At 265 and counting – both in English and vernacular – Jammu and KashmirÂ’ summer capital could well have the largest of such ‘daily newspapers’ in the country given its population of 1.4 million. What is intriguing about these ‘daily newspapers’ is the fact that most of them are not available at news stands in Srinagar and other places in the Valley.
Why are so much daily newspapers published in a city that does not have a readership for more than two dozen vernacular and English language dailies?
“These newspapers, which do not have sustainable readership, are published only to get government advertisements,” a top official of the state information department told IANS on condition of anonymity, given the sensitiveness of the issue.
“That finally becomes the source of sustenance for the publishers of such newspapers,” the official added.
Asked what use is an advertisement for a government department or a business establishment in a newspaper that does not have any appreciable readership, the official threw up his hands.
“You should ask that question from the publishers of such newspapers,” he finally offered.
The state government norms till 2010 stipulated uninterrupted publication of one year for a daily newspaper to become eligible for government advertisements.
There was no mention of how many copies the newspaper should publish daily to become eligible for government advertisements.
“The revised state information department policy on government advertisements is uninterrupted publication for three years. Plus, a minimum of 1,000 paid copies daily,” said the official.
He rued that out of an annual budget of Rs.22 crore (over $3 million) available for advertisements to newspapers, hardly Rs.10 crore was properly utilized in the past.
“Of the funds, just Rs.10 crore was used properly in the past as these were paid to newspapers widely read and circulated.
“The rest was paid to newspapers that did not have any reach to carry the advertisements. We could not refuse advertisements to such newspapers in the past because there was no stipulation on the minimum print order,” the official said.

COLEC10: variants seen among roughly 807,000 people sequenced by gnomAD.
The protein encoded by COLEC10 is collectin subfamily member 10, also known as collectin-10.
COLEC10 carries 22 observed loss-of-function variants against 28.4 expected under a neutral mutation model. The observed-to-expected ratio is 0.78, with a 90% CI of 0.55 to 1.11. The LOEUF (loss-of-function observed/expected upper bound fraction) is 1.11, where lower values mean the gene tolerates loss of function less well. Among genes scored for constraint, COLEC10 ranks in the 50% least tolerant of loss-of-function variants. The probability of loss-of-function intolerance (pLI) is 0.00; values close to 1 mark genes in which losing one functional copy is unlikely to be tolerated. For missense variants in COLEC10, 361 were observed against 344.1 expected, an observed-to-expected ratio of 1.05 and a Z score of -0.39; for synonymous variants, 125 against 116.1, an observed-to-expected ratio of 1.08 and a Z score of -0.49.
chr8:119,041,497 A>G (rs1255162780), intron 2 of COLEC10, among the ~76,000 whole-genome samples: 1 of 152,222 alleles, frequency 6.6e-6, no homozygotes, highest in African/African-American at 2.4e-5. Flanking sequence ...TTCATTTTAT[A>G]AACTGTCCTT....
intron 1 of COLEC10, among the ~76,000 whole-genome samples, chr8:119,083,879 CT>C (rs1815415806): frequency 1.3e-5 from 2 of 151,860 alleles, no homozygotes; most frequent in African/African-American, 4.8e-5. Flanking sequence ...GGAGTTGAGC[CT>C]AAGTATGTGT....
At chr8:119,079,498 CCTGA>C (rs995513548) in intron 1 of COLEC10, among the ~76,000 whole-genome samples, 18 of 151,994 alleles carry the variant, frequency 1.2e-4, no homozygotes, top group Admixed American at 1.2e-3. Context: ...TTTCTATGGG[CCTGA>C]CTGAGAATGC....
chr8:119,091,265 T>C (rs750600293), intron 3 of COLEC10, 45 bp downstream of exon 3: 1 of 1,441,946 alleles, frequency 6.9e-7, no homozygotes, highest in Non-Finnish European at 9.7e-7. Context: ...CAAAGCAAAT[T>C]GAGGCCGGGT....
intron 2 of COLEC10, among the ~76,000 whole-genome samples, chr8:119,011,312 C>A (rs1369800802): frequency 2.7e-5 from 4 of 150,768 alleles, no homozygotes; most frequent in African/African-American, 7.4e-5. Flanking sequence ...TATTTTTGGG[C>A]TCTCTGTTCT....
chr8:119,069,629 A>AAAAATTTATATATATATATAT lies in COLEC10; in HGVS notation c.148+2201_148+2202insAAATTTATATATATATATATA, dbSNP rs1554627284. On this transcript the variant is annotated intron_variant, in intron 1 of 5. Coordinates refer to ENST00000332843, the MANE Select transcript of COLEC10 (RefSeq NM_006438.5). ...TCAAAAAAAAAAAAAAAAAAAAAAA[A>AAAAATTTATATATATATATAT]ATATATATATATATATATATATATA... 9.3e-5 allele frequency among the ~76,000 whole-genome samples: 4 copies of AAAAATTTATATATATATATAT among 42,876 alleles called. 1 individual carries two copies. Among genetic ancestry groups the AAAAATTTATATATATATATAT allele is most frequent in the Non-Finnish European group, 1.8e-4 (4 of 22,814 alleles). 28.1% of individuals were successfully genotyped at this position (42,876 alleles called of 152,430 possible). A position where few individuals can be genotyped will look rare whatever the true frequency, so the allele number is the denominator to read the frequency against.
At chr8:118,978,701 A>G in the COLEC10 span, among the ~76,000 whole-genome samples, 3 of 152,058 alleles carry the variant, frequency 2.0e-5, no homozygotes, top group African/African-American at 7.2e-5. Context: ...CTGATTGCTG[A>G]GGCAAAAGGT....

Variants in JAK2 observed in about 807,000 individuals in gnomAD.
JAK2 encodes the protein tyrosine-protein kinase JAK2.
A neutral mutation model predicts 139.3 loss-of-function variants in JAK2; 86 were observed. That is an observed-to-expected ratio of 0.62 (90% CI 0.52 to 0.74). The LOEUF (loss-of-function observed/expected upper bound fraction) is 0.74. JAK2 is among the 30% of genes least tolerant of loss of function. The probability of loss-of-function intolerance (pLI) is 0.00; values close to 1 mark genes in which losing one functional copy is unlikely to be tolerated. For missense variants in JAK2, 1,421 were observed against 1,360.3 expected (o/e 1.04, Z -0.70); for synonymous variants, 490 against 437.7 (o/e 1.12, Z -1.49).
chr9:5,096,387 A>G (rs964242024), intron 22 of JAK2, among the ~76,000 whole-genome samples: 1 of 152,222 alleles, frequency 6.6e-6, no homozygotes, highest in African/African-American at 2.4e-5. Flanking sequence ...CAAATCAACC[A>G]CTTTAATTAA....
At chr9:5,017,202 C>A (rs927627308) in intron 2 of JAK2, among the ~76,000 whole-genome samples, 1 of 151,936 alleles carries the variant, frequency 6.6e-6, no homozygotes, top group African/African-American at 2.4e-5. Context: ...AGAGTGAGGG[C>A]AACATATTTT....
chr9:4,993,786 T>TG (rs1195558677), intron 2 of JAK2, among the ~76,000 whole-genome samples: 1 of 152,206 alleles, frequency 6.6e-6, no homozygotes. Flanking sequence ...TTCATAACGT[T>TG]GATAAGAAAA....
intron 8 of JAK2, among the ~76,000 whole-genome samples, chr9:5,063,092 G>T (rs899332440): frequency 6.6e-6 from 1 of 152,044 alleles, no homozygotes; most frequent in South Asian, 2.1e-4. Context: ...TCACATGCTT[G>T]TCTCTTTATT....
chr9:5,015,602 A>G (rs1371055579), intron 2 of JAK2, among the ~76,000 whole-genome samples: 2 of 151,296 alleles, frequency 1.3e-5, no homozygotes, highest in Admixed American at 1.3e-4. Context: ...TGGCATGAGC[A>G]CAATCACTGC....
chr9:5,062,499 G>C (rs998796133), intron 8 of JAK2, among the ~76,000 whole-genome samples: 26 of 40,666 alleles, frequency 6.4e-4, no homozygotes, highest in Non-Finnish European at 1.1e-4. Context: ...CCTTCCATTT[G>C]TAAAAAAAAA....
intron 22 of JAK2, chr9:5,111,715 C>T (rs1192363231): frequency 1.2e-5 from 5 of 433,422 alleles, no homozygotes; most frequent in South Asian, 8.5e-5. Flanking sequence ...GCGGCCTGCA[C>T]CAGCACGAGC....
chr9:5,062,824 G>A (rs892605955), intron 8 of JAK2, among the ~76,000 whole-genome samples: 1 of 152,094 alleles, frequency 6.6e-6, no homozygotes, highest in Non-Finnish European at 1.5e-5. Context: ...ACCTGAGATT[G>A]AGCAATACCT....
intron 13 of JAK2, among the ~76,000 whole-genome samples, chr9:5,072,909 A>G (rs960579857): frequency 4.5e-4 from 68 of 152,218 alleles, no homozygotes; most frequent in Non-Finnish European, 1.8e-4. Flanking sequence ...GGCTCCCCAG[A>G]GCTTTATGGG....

“All that mattered was that the newspaper concerned should send copies of its daily publication to our office for the official record to determine eligibility for advertisements.
“The revised norms will change that scenario completely. Figures could be fudged in the past by unscrupulous publishers as receipts from newspaper distributors would be furnished as proof of daily publication,” the official said.
“An empowered committee is now planned which can check the newsprint bought by each newspaper that is to be declared at the Lakhanpur toll post in Kathua district when it enters the state”, the official added.
An interesting sidelight of the mushrooming of dailies in Srinagar has been that the majority of them are published without any offices.
“In many such cases, one computer operator works for five newspapers. All he/she does is open the Internet and start copy-pasting stories with the difference that something appearing as an anchor in one newspaper is carried as a story on the third page in the other newspaper”, said a computer operator working at one of daily newspaper office.
For obvious reasons, the operator did not wish to be named.
Some of the funniest names and some of the most intriguing publishing practices have helped sustain many newspapers in Kashmir, irrespective of whether they have a readership or not.
Given the revised norms for carrying official advertisements, would the ‘media malaria’ finally meet its antidote in the troubled Valley? Watch this space! (IANS)